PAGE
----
• My ex- son in law once asked me, long ago, if I could fix the sweater his grandmother had knit for him. She was 92, and oh did she love knots, almost all of which had come untied. It took many hours to retrieve the ends, weave in a replacement yarn, and secure the ends (with a needle and thread, literally sewing them into place. Grandma was delighted to see him wearing it, but I think this story is an extension of the curse of the boyfriend sweater, because it was only six months later that he became the ex SIL.

    If I can’t spit, I weave/knit the ends in as i go, Kaffe Fasset style. No ends to weave in later, just snip, snip and i am done.

  • The timing of this article was perfect. I was just trying to figure out which method to use while knitting up a pair of socks. I always use contrast heels, toes and cuffs. I have use the spit splice on regular wool but sock yarn is mostly superwash, and I have done the Russian Join and yes even the magic knot. You are too correct; superwash yarn is slippery. I definitely don’t want to give a pair of freshly knitted socks away only to find out they came apart in the wash. So thank you for this easy but sock saving tip.

  • Great article! You make the Russian Join look easy! My Mom has always used the Overhand Knot and me being the “knot snob” would never do it. One day I was knitting a striped shawl and while changing colors she said watch how I do it and she knotted the two yarns together. Not wanting to undo it in front of her I let it go. Later I found it looked nicer then the way I was doing it and now continue to do so.

    • I keep telling you guys, a little bit of super glue dabbed on a cotton swab and carefully used instead of spit or to neatly join yarn without knots. Still, I like to leave ends on the wrong side in case. It’s handmade. That’s the beauty of it.

      • Whatever you do, don’t use super glue on cotton or wool! It will result in a rapid chemical reaction that releases enough heat to cause minor burns. I’m not kidding…

  • I’ve always done the ‘drop old pick up new’ method of joining and it’s worked well. It doesn’t take much if any fiddling to make the hole disappear. I leave tails long enough to bury by following the path of the stitches away from and then back toward the join and never have had one come undone. I’ve never noticed it making the edge bulky either. I’m not an excellent knitter and I don’t enter my knitted projects in competitions. There are probably lots of flaws, but a hole from joining a new yarn is not one of them. 🙂

  • I’m not sure if joining/changing yarns in the middle of the row works for two row striped scarves and blankets. I have seen perfect work with drop-old-pick-up-new resulting in lovely edges, but I can’t seem to master that technique. For plain old new ball joins I like the knit-a-few-stitches-with-both-together technique. I think I read somewhere that Kaffe may do the knitting on his gorgeous designs but someone else comes along after to do the joining. Lucky him.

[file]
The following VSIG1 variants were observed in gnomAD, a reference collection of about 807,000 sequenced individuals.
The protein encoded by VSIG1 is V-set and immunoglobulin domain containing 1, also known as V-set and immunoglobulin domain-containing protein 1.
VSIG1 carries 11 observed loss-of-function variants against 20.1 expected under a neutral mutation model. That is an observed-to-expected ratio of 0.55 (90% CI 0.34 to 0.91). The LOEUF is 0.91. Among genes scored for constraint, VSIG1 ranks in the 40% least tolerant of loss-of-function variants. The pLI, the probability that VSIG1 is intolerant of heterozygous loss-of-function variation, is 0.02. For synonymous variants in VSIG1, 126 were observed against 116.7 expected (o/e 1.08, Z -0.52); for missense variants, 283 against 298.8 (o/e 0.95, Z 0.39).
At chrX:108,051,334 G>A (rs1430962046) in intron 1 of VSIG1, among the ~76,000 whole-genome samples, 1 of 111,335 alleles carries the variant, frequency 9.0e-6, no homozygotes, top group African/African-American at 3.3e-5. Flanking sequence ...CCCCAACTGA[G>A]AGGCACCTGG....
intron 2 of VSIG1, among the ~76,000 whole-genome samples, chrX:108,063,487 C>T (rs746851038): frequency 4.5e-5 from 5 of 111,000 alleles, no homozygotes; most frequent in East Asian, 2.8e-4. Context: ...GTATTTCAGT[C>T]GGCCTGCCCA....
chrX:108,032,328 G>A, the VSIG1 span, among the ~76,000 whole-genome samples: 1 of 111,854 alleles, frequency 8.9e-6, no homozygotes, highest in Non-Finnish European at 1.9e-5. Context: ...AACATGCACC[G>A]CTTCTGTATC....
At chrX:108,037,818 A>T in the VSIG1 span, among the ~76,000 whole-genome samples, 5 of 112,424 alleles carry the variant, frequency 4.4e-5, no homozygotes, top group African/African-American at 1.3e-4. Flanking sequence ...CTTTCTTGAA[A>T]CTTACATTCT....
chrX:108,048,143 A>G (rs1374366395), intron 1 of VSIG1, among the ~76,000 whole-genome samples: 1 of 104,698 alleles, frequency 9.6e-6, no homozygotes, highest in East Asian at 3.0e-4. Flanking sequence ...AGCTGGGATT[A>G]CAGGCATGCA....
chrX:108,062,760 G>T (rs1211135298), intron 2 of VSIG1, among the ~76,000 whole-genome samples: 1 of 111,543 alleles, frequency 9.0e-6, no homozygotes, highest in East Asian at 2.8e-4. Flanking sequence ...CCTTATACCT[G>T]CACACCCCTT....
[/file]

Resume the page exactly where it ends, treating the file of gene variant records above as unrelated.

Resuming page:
• I’m confused; tell me, what join to use making the Dr. Who scarf with all those yarn color changes…..all to be at the end of the row/s……thank you!! I’m thinking wrap/hook the two colors….new color to weave up….the other to go down… a duplicate stitch? Donna

  • I used the ‘Magic Knot’ on a superwash – and had to re-knit the entire border.

  • taught me how to weave in ends as I joined a new strand.

  • I know this is a re-post, but my question is this: what is the best method of carrying colors up the (selvedge) edge …. what I mean is, at the beginning of a row.

  • I find no suggestion for splicing 100% cotton yarns.

  • Thank you so much!!! I just finished my first ever sweater with very little knowledge of joining yarn. Along with several other issues, my largest worry is that my slippery yarn will come undone! Only careful hand-washing for this one. I’m just starting sweater number 2 and feel much better equipped after this article. I’m marling a cotton/linen chain yarn (fingering weight) along with an alpaca (lace weight). Still a little worried about the care instructions clashing between the two fibers, but at least my joining will be solid this time!

    Thank you, thank you, thank you!!!

  • Very helpful, thanks

  • Thank you! I’m doing colorwork sleeves with Spincycle. I cut the yarn to help ensure the sleeves are somewhat matching (not worried about perfection at all). Now I know I’ll use the Russian join. Very helpful 🙂

  • This article is so helpful, thanks!

  • All these tips are wonderful, am looking for the next feed every day during lockdown..
    Thank you

  • Great ideas. Thanks a mil